5. Can the enlightened Arab/Islamic world find a better way to distribute its enormous wealth to promote the welfare of the poor and needy in the Arab/Islamiccountries? This means an outright crusade to create a consensus followed by highly directed action amongst enlightened Muslims to create a better government and cultural framework.. Without this clear sense of direction can the Arab world find its way out of the quagmire? If the enlightened Islamic/Arab world cannot create a clear and concise direction and enlist an active consensus amongst their members, how long will the rest of the world tolerate their low profile expediency? The stakes are rising as the radical fundamentalists gain more power.
6. Palestine is a real emotional issue. But it will be resolved and all the other issues will remain after this distraction is gone. The thugs will create a new issue and a new distraction should the more enlightened Arab/Islamic world not have a clear direction and agenda. This is at bottom a practical matter.
this world would be a whole lot better if we thought about what we are doing to other people and put ourselves in thier shoes
If you mean the second sense, then America may fall short of meeting this definition. Because in guaranteeing its interests and ours, it may trample on the democracy of other nations.
Take an example close at home: How did Hawaii become a state? We didn't give its people an offer for annexation, but what we did was that we put a navy ship near the Islands to "protect" the interests of American entreprenuers there. Then the navy overran the Hawaiian Queen's power, and ha we now have a governor.
And if the argument is that the Hawaiian people benefited from US culture, I would have to ask the arguer, 'if the situation was reversed, would we like Hawaii making us their protecturate? The arguer would answer "No." I would respond "why, isn't it a friendship; aren't we getting those things associated with culture like technology and new values, while they get the opportunity to put us under their wing of protection?" We say no, because we would feel that our democracy -our right to run ourselves- was violated by someone else's hidden interest.
Unfortunately, today, most of us would never know the truth because we mistakenly assume that our government is acting mostly on values. Interests play the major role for the US, and it's this role that inspires ill-feeling, as rightly it should. Because when it comes down to it, interest runs America's policy and it will reduce or suppress democracy of other nations if interest sees fit. Only ME nations don't have strong governments to resist. This sort of 'hate' comes with superpower status and bears down most on the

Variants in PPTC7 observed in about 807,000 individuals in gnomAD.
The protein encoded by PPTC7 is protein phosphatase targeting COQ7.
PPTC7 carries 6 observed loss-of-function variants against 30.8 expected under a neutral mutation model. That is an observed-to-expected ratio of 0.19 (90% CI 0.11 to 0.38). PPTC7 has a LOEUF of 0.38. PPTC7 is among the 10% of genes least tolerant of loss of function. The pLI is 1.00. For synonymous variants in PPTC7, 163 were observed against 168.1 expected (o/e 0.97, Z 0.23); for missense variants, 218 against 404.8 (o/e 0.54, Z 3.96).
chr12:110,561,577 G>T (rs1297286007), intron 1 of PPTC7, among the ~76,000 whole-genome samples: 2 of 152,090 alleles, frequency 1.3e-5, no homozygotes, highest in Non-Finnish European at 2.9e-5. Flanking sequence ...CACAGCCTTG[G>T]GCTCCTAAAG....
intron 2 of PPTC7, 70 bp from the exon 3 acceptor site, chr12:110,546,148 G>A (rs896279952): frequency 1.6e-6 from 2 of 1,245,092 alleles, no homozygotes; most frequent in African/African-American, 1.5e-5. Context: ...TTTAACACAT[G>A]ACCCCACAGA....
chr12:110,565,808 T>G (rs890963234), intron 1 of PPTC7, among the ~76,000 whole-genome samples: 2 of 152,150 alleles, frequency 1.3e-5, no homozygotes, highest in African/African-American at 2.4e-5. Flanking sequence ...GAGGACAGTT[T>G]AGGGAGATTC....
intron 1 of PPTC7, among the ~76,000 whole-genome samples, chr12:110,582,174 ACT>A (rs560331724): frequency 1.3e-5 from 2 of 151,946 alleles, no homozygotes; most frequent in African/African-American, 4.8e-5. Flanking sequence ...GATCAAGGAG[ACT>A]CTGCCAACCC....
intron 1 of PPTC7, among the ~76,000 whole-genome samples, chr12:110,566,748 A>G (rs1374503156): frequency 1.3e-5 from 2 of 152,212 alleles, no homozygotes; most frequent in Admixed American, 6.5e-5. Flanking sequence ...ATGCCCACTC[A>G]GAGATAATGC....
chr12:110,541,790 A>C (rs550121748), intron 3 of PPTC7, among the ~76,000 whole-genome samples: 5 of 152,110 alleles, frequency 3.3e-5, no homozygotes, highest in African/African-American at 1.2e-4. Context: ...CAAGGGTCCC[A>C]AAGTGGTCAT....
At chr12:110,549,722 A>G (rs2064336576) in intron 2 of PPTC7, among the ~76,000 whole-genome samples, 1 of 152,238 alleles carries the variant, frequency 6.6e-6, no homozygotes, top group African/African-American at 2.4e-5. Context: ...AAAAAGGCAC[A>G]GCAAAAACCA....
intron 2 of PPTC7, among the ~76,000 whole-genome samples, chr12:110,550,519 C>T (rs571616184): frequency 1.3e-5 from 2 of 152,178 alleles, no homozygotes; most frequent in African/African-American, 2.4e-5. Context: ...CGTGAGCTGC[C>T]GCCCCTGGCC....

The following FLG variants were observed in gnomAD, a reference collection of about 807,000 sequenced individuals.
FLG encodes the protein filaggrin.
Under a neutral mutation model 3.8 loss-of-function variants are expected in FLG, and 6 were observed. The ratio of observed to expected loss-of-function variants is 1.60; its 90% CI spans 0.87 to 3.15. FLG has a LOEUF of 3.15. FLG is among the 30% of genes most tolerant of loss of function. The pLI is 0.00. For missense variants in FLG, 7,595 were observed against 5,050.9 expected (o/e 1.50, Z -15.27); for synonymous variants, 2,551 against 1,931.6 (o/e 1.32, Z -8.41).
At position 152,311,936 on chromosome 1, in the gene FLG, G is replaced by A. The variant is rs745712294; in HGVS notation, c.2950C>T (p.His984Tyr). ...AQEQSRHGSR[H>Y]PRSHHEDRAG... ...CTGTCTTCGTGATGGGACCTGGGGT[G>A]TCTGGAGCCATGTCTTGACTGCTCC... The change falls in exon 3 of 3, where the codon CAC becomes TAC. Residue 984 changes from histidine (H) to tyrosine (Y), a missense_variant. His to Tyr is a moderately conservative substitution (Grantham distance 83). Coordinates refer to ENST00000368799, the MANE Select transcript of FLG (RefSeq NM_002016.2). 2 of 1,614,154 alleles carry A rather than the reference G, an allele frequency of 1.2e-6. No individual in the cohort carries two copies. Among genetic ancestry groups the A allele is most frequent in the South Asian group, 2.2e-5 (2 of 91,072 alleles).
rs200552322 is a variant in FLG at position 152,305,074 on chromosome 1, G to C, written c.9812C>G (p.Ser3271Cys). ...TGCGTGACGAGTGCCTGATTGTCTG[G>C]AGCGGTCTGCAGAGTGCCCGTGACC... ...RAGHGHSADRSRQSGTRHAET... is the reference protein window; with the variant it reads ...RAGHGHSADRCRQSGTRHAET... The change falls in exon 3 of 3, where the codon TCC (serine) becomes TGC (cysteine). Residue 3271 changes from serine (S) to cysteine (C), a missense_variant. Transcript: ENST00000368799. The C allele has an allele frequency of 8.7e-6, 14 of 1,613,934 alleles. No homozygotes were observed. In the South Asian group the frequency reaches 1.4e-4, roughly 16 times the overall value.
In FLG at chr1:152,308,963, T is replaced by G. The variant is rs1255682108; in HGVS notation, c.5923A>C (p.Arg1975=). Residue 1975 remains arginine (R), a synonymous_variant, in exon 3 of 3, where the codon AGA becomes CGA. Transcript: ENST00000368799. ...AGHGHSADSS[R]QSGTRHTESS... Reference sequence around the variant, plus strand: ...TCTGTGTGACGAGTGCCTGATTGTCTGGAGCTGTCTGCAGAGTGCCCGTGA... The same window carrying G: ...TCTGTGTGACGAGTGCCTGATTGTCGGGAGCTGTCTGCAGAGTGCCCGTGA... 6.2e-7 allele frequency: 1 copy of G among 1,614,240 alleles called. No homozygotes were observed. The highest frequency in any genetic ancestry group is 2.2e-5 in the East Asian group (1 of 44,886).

Who is threatening freedom and liberties in the US? Who are the tyrannical elite that are fooling American citizens with lies and deception with their farcical media and forcing the US, by buying its politicians, into unjust, reckless policy against all Muslims in support of an artificial, colonial, apartheid, racist, cancerous, terrorist little state built on bigotry and Palestinian blood and dispossession? And whenever an honest US citizen, be it professor, journalist, politician, diplomat, or any lay person, criticize the selfish policy of that despotic, tribal fifth column, he or she is brutally suppressed.
Obviously US freedom is in jeopardy, but it's not Muslims who are threatening it, as the Zionist zealots would have you believe, it's those whose blind loyalty and allegiance are directed toward that terrorist state of Israel and its crimes against humanity and can care less about genuine US interests.
At first I was interested in your article having very much enjoyed studying comparative economics and economic issues in the developing world. But then it devolved into the anti-American, anti-Christian, anti-Western, anti-Jewish rhetoric that seems so common a theme in the Muslim world.
It is sad to think that you are an "intellectual", one who enjoys the benefits of the United States, teaching at one of our fine universities, yet still harboring such obvious bias and hatred. How ironic that you help to project the US as an enemy of Islam that must be destroyed (or restrained) before it destroys Islam. You are in your own "warrior" camp.